A bridge too far
Neil Cullen, New Zealand Tree Grower February 2016.
In late 2012 we started to make preparations for constructing a crossing capable of carrying fully laden logging trucks over the main waterway, the Glenomaru Stream, which bisects our property. The crossing would connect to the country road an already constructed roadway of 2.5 km which provided access to about 80 hectares of mixed aged forest. Current access was provided by an old wooden bridge which shook vigorously when a mob of sheep passed over it. About 150 metres upstream there was a ford.
The first step was to get quotes for the two most likely options, a bridge and a drift deck culvert. The cost of a 14 metre long class one capable bridge was $67,000 plus GST and for installing a drift deck culvert with the same capability, $37,000. Even though there was a bit more roading involved for the culvert which would replace the old ford, it was a relatively comfortable choice to go with that cheaper option so we applied for resource consent from the Otago Regional Council. That is when the complications emerged.
Not on our land
The council pointed out that the 20 metre strip of land between the stream and the county road actually belonged to our neighbour. Added to that, the road was not where it was surveyed to be, and a legal paper road followed the course of the stream. The local district council were concerned that if the culvert was installed on what was legally road reserve and was subsequently damaged by a flood, they might be considered liable.
There then followed several months of toing and froing between our lawyer, my neighbour and the council to see if a solution could be negotiated. A surveyor estimated resurveying and gazettal procedures for the roadway and possible purchase of the neighbour’s hectare of land would cost in the region of $14,000. Even though we were in no way responsible for the road being in the wrong place, because we were initiating the correction the council ruled we would have to pay for it. We subsequently explored less costly options for access and our neighbour generously agreed that we could just carry on as before, be assured of access to the road, and graze the hectare without any boundary adjustment. He was less keen on any legal easement written on to their title.
The other development which occurred at the same time in 2014 was the inaction of Otago Regional Council’s plan change to the regional Water Plan. Although the changes include quite severe restrictions on the release of sediment and nutrients into waterways, the erection of stream crossings under certain conditions was now a permitted activity. After consulting with our contractor we decided we could meet those conditions and so withdrew our application for resource consent.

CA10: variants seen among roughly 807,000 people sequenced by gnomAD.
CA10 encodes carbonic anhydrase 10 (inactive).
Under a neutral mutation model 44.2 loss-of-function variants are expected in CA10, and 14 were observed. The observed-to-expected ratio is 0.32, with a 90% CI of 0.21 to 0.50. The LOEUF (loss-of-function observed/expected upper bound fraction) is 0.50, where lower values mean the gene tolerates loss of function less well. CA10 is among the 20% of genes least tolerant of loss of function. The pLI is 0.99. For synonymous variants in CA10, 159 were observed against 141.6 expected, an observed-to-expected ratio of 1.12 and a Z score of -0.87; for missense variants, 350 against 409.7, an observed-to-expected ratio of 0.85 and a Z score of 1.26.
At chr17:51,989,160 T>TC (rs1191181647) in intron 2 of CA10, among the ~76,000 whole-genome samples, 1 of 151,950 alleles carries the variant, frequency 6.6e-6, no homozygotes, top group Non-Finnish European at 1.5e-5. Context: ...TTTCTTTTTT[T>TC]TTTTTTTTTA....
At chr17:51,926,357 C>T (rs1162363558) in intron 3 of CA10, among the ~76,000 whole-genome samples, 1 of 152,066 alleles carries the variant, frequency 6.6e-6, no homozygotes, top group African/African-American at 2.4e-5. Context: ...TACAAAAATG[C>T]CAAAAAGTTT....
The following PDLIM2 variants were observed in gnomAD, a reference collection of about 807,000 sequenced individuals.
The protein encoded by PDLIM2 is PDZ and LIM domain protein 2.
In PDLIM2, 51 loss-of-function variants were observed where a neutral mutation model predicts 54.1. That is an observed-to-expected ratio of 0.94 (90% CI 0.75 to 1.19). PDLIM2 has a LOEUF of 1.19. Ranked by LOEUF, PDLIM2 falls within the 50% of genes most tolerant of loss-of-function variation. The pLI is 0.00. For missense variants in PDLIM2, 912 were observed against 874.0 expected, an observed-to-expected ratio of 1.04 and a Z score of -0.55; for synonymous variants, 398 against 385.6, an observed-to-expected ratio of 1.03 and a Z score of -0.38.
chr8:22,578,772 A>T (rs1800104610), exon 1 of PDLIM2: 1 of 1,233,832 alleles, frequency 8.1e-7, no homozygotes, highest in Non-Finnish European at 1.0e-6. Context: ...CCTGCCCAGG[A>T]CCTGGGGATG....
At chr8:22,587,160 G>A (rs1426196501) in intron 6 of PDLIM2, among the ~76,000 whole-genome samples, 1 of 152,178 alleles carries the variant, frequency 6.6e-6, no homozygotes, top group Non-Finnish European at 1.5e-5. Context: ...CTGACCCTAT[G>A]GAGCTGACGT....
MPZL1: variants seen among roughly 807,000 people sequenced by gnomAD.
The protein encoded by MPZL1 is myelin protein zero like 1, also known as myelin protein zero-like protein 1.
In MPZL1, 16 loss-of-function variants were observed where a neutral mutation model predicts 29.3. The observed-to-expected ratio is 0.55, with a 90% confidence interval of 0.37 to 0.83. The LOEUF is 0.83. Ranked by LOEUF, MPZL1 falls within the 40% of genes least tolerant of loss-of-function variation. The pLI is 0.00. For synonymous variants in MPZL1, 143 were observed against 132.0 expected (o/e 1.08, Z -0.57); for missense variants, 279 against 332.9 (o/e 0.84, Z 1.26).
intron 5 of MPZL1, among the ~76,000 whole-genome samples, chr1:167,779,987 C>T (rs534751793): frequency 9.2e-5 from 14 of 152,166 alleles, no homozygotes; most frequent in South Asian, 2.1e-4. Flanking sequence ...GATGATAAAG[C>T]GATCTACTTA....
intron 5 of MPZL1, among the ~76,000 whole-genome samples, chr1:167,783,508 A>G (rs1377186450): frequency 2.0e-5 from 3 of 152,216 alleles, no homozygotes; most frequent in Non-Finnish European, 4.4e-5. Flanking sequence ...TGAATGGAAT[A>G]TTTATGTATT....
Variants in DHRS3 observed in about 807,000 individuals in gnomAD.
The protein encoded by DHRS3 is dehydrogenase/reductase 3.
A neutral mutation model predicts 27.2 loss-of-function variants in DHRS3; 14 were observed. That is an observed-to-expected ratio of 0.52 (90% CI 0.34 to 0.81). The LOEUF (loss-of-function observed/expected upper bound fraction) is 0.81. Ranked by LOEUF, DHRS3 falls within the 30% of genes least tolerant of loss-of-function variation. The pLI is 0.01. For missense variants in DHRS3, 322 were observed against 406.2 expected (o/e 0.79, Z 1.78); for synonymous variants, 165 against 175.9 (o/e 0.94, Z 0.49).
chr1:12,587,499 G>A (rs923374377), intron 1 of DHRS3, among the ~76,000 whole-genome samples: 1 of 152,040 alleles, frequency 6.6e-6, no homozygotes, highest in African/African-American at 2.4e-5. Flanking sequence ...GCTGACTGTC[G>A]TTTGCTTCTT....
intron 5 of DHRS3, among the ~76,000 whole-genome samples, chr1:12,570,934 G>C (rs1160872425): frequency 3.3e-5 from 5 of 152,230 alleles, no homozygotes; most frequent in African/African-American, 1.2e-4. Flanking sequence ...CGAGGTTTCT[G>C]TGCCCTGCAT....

The simplification of the regulatory process encouraged us to set aside concerns regarding access, paper roads and ownership and just do it. As more than two years had elapsed we asked the contractor for a new quote. This took several months to obtain as the engineer now decided that considerably more concrete work in the form of a metre deep precast scour beam was required. The resulting quote of $52,000, when added to the $8,400 we had already spent on buying the three box units, meant a total cost of over $60,000 and not much cheaper than a bridge. After a bit of teeth gnashing and head scratching we decided to accept the quote and get it done. Time was dragging on and the log prices were starting to creep up.
Construction began in October 2015 and the stream diversion and base concrete work went relatively smoothly. Care was taken to prevent any release of sediment by using a big straw bale acting as the filter trap. The final base concrete pour took place on Friday with the weekend for it to harden before placement of the box units on the Monday.
The weather had other plans with a largely not forecast 43 mm of rain falling on the Friday night with another 40 mm over the next couple of days. The stream went from a gentle clear brook to a brown torrent overnight.
It reverted to its original bed and the culvert base was covered with rock from the upstream diversion. Any thoughts of sediment prevention seemed a bit irrelevant. Ten days elapsed before the stream went down and the final construction could be completed. Fortunately there was no damage and a bit of shovelling soon uncovered the base. The three box sections were concreted into place on top of the base. The straw bale was retrieved from downstream and the approach roads and rock batters put in place.
The drift deck culvert is designed to carry the normal stream flow through the box sections and when there is a flood the excess will flow over the top with no damage to the culvert. A fish channel was provided with no drop-off on the bottom side enabling easy passage for any size of fish. The first time I walked over the completed culvert, a 100 mm long fish was observed making its way upstream through the channel. That seemed like a vote of approval. Let the logging begin.